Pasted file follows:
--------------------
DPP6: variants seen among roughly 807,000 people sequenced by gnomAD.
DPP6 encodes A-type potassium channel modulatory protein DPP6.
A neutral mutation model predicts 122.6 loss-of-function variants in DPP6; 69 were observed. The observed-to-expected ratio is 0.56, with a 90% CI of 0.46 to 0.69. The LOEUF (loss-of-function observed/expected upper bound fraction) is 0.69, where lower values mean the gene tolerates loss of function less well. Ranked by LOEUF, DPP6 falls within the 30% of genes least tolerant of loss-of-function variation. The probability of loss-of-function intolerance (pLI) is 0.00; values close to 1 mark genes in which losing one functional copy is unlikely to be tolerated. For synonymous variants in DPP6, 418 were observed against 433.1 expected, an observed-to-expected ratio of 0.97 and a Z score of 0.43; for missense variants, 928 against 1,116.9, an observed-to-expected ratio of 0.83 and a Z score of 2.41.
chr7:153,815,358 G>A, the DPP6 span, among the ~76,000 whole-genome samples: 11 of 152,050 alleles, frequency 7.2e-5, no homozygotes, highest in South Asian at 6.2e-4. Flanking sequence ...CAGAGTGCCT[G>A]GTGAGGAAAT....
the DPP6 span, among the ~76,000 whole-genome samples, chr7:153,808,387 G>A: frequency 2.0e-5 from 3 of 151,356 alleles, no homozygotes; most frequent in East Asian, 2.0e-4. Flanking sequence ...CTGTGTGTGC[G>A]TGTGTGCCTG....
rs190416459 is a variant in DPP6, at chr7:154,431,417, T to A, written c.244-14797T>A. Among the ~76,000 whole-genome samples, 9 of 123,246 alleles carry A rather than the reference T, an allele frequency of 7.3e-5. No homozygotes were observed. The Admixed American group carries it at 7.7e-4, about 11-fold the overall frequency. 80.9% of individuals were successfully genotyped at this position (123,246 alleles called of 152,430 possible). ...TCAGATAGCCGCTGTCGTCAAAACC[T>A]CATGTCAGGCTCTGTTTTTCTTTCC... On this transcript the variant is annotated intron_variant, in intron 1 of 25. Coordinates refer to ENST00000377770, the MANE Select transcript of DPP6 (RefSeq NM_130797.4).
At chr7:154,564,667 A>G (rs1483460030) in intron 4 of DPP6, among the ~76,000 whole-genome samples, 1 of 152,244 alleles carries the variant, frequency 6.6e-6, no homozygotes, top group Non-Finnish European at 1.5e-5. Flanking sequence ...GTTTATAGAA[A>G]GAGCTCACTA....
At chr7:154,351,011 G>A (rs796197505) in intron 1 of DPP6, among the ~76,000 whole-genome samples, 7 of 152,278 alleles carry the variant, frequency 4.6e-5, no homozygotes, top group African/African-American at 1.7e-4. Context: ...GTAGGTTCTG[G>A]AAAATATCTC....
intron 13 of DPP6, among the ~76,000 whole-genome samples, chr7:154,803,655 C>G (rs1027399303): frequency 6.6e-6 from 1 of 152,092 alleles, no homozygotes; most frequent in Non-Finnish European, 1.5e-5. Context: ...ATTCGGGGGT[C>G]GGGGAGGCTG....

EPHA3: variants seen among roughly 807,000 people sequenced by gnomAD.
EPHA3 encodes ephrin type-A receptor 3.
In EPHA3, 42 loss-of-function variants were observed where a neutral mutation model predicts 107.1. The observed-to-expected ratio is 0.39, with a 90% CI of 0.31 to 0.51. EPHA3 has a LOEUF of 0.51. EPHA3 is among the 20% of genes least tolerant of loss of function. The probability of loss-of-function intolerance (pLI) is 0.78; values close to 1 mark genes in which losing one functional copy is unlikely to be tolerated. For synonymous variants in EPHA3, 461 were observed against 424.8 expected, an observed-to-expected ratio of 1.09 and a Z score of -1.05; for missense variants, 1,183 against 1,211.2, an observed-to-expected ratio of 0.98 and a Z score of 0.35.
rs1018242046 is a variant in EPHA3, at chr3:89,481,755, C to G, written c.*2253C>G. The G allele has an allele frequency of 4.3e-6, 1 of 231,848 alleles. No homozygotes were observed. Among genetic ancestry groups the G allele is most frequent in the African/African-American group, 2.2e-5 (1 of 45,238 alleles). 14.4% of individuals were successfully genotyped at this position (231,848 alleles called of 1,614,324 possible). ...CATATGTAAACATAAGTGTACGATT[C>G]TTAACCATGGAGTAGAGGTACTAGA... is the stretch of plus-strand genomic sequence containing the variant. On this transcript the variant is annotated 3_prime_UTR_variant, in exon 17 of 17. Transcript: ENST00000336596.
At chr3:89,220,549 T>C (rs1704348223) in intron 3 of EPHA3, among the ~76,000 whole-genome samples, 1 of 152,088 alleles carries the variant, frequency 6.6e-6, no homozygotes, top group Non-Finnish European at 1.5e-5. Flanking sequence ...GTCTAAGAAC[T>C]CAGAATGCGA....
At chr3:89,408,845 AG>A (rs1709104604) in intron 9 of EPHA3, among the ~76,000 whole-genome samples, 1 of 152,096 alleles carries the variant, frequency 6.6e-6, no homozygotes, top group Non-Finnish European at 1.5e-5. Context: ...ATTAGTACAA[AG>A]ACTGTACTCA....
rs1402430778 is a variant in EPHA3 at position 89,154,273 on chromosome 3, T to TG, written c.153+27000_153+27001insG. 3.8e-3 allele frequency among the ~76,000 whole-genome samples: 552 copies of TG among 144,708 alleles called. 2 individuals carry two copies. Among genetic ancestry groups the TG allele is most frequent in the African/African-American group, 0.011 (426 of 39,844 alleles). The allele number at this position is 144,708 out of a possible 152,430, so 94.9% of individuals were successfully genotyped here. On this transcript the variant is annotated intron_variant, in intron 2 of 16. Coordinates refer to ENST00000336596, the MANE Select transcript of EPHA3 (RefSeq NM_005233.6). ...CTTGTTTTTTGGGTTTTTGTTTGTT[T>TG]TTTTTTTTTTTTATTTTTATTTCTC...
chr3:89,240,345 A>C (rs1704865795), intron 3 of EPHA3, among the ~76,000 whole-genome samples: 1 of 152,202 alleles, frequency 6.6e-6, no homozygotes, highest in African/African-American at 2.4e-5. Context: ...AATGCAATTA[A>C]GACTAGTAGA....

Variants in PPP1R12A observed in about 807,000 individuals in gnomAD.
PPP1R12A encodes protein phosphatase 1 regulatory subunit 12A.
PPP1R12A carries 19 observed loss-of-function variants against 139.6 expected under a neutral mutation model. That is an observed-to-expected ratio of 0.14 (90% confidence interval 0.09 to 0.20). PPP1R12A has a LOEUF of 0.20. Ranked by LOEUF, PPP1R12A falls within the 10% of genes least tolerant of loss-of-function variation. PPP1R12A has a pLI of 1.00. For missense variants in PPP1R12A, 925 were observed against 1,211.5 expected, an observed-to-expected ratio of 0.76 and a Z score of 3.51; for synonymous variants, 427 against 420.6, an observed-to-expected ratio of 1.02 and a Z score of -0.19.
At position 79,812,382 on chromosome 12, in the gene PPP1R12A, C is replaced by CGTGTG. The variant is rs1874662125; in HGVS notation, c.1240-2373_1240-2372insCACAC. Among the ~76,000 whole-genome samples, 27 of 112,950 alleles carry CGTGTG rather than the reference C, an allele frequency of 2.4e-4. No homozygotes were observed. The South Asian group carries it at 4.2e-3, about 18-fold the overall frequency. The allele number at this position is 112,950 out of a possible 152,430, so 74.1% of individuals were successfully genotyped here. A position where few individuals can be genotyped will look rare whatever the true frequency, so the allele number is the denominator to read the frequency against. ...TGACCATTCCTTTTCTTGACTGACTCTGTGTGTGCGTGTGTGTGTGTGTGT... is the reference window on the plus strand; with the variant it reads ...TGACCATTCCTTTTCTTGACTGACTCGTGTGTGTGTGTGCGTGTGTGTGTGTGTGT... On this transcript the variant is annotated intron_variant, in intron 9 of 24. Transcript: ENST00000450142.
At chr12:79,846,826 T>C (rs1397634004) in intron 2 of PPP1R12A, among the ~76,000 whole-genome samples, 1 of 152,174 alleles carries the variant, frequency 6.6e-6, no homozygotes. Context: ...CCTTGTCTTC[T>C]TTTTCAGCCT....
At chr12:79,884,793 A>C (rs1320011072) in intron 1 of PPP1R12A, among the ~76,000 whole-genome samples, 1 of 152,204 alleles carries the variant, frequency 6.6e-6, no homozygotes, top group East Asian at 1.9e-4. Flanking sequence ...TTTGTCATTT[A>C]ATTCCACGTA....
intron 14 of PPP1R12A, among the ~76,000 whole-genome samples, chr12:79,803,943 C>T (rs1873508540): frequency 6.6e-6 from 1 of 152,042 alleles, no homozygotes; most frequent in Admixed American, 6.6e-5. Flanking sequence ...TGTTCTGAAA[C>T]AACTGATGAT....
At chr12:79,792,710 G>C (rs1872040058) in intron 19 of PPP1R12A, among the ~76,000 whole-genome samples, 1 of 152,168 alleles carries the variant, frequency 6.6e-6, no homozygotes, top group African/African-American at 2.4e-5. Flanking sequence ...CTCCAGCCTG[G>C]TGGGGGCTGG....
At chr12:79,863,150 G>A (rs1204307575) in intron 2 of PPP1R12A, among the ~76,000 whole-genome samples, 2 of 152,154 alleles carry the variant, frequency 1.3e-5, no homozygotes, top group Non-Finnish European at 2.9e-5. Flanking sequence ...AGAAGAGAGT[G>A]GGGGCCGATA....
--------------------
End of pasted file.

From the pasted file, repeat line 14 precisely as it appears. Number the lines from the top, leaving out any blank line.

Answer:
At chr3:89,220,549 T>C (rs1704348223) in intron 3 of EPHA3, among the ~76,000 whole-genome samples, 1 of 152,088 alleles carries the variant, frequency 6.6e-6, no homozygotes, top group Non-Finnish European at 1.5e-5. Flanking sequence ...GTCTAAGAAC[T>C]CAGAATGCGA....